Prep 1 hr 45 mins
Cook 0 mins
This is a northern Indian-style flatbread, easy to make, very tasty, and a great accompaniment to a curry. It's adapted from the Rajasthani Salt and Spice Bread from "Flatbreads and Flavors" (Alvord and Duguid), with some small changes to create a healthier recipe. Preparation time includes 1 hour for the dough to rest.
- 2 cups atta flour
- 1 cup warm water
- 2 teaspoons cumin seeds
- 1 1⁄2 teaspoons black peppercorns
- 1 teaspoon salt
- 1⁄4 cup fresh cilantro, chopped
- 2 tablespoons olive oil
- Place the atta flour in a medium bowl and make a well in the center.
- Add the water and stir until a soft dough forms.
- Turn the dough out onto a lightly floured board and knead until smooth.
- Return the dough to the bowl, cover with plastic wrap or a damp towel, and let stand 1/2 to 1 hour so that the dough can relax.
- Toast the cumin seeds in a heavy skillet, stirring until they start to brown and smell good.
- Remove the cumin, grind in a mortar or spice mill, and set aside.
- In the same fashion, toast and grind the black pepper and set aside.
- Split the dough into eight pieces by rolling it out into an oblong, then cutting it in halves, then quarters, then eighths.
- Take one piece of dough, roll out into a circle about six inches in diameter, and spread lightly with some of the olive oil.
- Sprinkle the bread round with a pinch of the cumin, peppercorns, salt, and chopped cilantro (use 1/8 of each) on the bread.
- Roll the bread up into a cylinder, then roll the cylinder up like a snail shell, and then roll out once more into a circle.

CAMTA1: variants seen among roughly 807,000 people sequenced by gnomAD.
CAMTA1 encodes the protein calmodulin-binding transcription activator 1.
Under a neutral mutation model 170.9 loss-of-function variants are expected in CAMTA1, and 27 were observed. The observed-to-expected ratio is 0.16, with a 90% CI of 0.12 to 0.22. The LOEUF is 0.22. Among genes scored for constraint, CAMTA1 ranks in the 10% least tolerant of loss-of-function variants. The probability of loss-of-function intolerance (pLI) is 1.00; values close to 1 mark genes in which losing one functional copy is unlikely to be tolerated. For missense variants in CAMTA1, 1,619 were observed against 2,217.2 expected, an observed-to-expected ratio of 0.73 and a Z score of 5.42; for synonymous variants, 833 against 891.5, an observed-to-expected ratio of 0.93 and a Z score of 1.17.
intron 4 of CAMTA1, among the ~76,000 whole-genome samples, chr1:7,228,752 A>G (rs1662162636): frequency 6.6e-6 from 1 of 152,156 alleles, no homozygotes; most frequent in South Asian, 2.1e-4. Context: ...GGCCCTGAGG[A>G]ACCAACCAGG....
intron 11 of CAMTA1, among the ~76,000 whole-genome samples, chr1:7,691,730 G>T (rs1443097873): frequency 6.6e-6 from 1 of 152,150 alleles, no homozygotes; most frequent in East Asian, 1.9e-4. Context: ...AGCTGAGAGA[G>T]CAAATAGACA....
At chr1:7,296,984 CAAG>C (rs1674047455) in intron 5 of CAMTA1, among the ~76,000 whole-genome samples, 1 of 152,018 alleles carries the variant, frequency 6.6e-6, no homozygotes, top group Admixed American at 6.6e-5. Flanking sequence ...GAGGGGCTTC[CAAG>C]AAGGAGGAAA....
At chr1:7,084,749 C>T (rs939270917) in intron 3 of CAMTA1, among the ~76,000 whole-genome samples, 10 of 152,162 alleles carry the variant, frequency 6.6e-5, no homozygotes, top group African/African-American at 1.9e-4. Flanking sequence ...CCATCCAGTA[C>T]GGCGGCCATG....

- Toast the bread on a heated, lightly oiled griddle for 1-2 minutes a side or until lightly toasted.
- Repeat with the remaining bread.
- Keep the toasted breads on a plate or basket, covered with a clean dishtowel to keep them warm until serving.
- To freeze the breads before cooking, stack the bread rounds with a piece of waxed paper between each pair, then wrap in foil or place in a freezer bag.
- Ingredient note: Atta flour is a semi-refined flour made from durum wheat. It has some of the bran removed, but isn't all the way processed like the all-purpose white flour you find in an American supermarket. According to one source I found, there are different grades of Indian flour -- the one with the least bran removed is atta, then there's sooji, then there's maida which seems almost like a cake flour, very finely milled. Other sources say that atta has only the husk removed and that it's wholemeal, and it also seems that it varies from brand to brand -- for example, Sujatha brand is supposedly wholemeal, Golden Temple brand contains some maida. You can get atta at Indian or many Asian groceries, sold in bags just like all-purpose flour in a supermarket, or you can get it mailorder from somewhere like namaste.com, or another suggestion I haven't tried is to substitute Red Mill 100% whole wheat flour. You can also use all-purpose flour, which is what the recipe I adapted from calls for, but if you can get the atta I think you'll like it better.